The pizzeria owner pointed where the robbers had run. “The direction of travel made sense. It all made sense,” White said.
White and Wright knew the robber would head straight home. By the time cops pulled up on the scene, White and Wright waved them on them to Rock Creek Road, to the taller suspect’s house.
Sure enough, the pair showed up at the house 20 minutes later. They’d stripped off their outer layers to change their appearance, and they were soaking wet from crossing the creek. The pizzeria owner ID’d them, and cops found evidence of both the Pizza Heaven robbery, and, inside the house, the 7-11 robbery.
A “Small Community”
On Thursday afternoon, White and Wright weren’t chasing crooks. They were handing out backpacks loaded with school supplies at the district substation on Valley Street. The pair helped raise about $2,000 to buy back-to-school supplies for local kids.
“We bothered everybody,” said White, who despite her affable demeanor knows how to be persistent when necessary.
White and Wright alone raised about 80 percent of the money for the give-away, said their supervisor, top Westville/West Hills/West Rock cop Sgt. Renee Forte. “They were instrumental. I would have had 300 kids and not enough backpacks.”
On the day of the giveaway, the line of people curled around the substation. White placed backpacks on tots and tykes and exchanged hugs while Wright, more reserved, made sure the pizza was laid out for the kids and their parents. Both cops greeted the dozens of kids by name: “Hi, Dennis!” “Hey, Douglas!”
White and Wright walk the beat in Westville Manor and the new Brookside housing complex, where they’ve gotten to know all the families that live there. They had the advantage of being in the neighborhood even before the neighbors were.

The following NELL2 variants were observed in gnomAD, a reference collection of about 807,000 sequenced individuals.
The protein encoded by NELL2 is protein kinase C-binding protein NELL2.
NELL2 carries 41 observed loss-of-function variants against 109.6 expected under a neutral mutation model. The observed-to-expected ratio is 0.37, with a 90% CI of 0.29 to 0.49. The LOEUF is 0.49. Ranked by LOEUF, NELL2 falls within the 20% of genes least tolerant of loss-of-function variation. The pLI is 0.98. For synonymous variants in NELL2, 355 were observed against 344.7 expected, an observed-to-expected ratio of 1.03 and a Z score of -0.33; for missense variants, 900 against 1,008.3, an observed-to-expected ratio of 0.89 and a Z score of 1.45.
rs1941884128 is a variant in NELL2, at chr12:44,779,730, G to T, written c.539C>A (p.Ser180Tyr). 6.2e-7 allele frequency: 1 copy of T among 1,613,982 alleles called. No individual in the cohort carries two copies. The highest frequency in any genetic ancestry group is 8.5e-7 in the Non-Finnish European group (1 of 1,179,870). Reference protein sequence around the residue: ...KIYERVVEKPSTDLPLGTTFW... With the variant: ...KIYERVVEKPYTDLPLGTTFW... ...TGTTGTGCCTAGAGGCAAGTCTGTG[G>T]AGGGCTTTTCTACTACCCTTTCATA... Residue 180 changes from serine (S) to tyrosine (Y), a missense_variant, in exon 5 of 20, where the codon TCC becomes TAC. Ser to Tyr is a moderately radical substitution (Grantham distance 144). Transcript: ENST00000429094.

White and Wright, who graduated from the police academy together last October, were assigned to Brookside last winter. The housing complex, which was just rebuilt, had only about 20 people living there at the time, Wright said.
As more and more families have arrived, White and Wright have been there to greet them. “We were there when they moved in,” White said.
By getting in on the ground floor, the pair has developed a deep familiarity with Brookside and Westville Manor, two housing projects in an often forgotten part of the city, tucked away north of West Rock. They’re now experts on the area, which has all-new street names, some of which don’t show up yet on GPS maps.
White said it’s satisfying to hear “Solomon Crossing” or “Moore Drive” or “Catherine Way,” to hear the dispatcher helping other cops navigate the unfamiliar territory that she knows so well. “You kind of feel like that’s your little home.
“We were up there before some of [those] street signs. It was deserted. We were like, ‘What are we doing here?’”
Supervisors promised it would “pick up” as people moved in and the streets filled.
“It sure picked up all right,” White said.
White and Wright are also the go-to experts on the people who live there. Two months ago, police were investigating the knifepoint robbery of a delivery guy. It happened when White and Wright were off duty. (They work evenings.) When they started their next shift, Sgt. Forte asked them for help. The pair heard the description of the suspect and again instantly knew who it was.
“There’s a kid with a very specific look,” overweight, pigeon-toed, White said. “He hangs out in that area on the corner.” Again, it just all made sense; they had logged the hours in the neighborhood to know the guy, and where to find him.
In another recent incident, cops in the district were responding to a call about an ex-boyfriend who had shown up where he wasn’t supposed to be. Rookie officers in training raced to the address, and blew right past the boyfriend. White and Wright knew the guy when they saw him, and pulled over.
“It’s a small community. You know who’s supposed to be there and who’s not supposed to be there,” Wright said. “Just knowing who people are helps us out.”
Salt & Pepper
Not only do White and Wright know the neighbors, the neighbors know them—sometimes by different names. In the spring, when family members of a shooting victim asked for them, White and Wright learned they had a new nickname.
White and Wright responded to a shooting in Westville Manor in March or April, Wright recalled. When they arrived, the victim had been taken to the hospital. They followed and found cops and family members already there. The cops were trying to talk to the family. Family members kept saying, “We’re not going to talk to anybody but Salt and Pepper!”